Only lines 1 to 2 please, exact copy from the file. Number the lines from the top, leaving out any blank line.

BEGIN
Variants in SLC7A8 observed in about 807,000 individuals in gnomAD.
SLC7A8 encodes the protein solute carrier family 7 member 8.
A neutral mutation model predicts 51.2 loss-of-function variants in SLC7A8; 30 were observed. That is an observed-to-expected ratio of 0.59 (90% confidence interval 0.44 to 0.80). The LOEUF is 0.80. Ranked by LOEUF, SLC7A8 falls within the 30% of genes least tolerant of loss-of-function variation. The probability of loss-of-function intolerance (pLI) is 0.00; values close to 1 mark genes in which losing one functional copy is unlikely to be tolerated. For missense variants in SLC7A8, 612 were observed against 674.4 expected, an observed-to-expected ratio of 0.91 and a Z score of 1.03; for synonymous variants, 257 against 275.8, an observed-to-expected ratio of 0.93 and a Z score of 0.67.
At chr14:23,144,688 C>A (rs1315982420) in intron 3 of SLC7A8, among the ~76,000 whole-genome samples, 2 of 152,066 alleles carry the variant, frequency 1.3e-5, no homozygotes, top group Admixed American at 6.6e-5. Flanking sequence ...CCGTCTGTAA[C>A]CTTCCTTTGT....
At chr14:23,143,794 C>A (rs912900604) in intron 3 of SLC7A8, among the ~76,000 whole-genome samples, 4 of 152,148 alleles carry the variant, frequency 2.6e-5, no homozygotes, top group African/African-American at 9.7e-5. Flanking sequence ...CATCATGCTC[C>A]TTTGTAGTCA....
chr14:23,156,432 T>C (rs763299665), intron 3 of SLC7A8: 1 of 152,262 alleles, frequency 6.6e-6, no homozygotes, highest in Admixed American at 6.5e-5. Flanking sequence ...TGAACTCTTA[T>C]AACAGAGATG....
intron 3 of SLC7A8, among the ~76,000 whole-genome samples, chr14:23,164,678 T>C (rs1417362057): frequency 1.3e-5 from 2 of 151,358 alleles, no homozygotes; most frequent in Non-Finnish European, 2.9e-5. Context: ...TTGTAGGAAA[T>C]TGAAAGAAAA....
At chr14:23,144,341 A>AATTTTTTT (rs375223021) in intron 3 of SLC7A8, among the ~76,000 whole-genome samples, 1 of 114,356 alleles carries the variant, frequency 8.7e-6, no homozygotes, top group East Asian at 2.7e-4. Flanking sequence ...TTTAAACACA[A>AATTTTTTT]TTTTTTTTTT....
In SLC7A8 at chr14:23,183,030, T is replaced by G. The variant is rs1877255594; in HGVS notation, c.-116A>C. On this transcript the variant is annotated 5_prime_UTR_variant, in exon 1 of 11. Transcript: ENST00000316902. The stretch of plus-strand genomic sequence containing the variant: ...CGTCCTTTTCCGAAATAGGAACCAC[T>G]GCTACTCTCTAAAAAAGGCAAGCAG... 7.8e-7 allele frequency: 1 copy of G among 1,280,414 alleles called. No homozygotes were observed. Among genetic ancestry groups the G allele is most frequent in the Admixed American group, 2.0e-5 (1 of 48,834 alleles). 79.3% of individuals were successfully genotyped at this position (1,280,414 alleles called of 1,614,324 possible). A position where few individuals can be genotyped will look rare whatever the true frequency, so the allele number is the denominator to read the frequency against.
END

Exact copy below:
Variants in SLC7A8 observed in about 807,000 individuals in gnomAD.
SLC7A8 encodes the protein solute carrier family 7 member 8.